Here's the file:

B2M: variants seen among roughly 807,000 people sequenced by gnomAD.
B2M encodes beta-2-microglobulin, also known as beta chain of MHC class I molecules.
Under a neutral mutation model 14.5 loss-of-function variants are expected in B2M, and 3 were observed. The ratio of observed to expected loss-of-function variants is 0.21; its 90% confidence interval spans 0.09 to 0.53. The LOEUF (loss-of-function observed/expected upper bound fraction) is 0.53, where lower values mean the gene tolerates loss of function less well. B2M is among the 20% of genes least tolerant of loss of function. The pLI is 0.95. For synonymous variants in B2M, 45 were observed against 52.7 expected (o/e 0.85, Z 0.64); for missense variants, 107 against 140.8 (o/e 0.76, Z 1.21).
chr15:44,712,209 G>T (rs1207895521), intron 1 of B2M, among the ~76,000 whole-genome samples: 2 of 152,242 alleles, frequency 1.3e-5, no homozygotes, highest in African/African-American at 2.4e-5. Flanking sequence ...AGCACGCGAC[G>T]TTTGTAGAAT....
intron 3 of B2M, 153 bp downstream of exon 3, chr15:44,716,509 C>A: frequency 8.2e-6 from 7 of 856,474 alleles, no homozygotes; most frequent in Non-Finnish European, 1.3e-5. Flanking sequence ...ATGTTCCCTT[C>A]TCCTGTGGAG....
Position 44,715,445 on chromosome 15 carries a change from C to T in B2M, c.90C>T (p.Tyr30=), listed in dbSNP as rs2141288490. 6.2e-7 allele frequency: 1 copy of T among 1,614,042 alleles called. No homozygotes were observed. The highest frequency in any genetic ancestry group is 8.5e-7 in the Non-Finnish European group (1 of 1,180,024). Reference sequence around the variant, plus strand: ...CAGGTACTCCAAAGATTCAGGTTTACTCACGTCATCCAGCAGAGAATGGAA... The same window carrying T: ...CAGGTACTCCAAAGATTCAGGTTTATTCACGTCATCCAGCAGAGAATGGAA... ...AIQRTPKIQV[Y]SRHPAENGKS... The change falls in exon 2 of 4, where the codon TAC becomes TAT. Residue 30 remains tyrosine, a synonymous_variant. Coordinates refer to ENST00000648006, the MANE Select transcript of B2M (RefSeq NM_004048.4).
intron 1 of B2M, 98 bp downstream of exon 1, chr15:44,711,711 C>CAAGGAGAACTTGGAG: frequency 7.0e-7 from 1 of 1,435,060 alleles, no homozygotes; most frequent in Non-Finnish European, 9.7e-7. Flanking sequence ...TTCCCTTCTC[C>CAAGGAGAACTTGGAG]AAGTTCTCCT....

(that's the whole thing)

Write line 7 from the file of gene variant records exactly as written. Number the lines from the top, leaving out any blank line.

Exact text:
intron 1 of B2M, 98 bp downstream of exon 1, chr15:44,711,711 C>CAAGGAGAACTTGGAG: frequency 7.0e-7 from 1 of 1,435,060 alleles, no homozygotes; most frequent in Non-Finnish European, 9.7e-7. Flanking sequence ...TTCCCTTCTC[C>CAAGGAGAACTTGGAG]AAGTTCTCCT....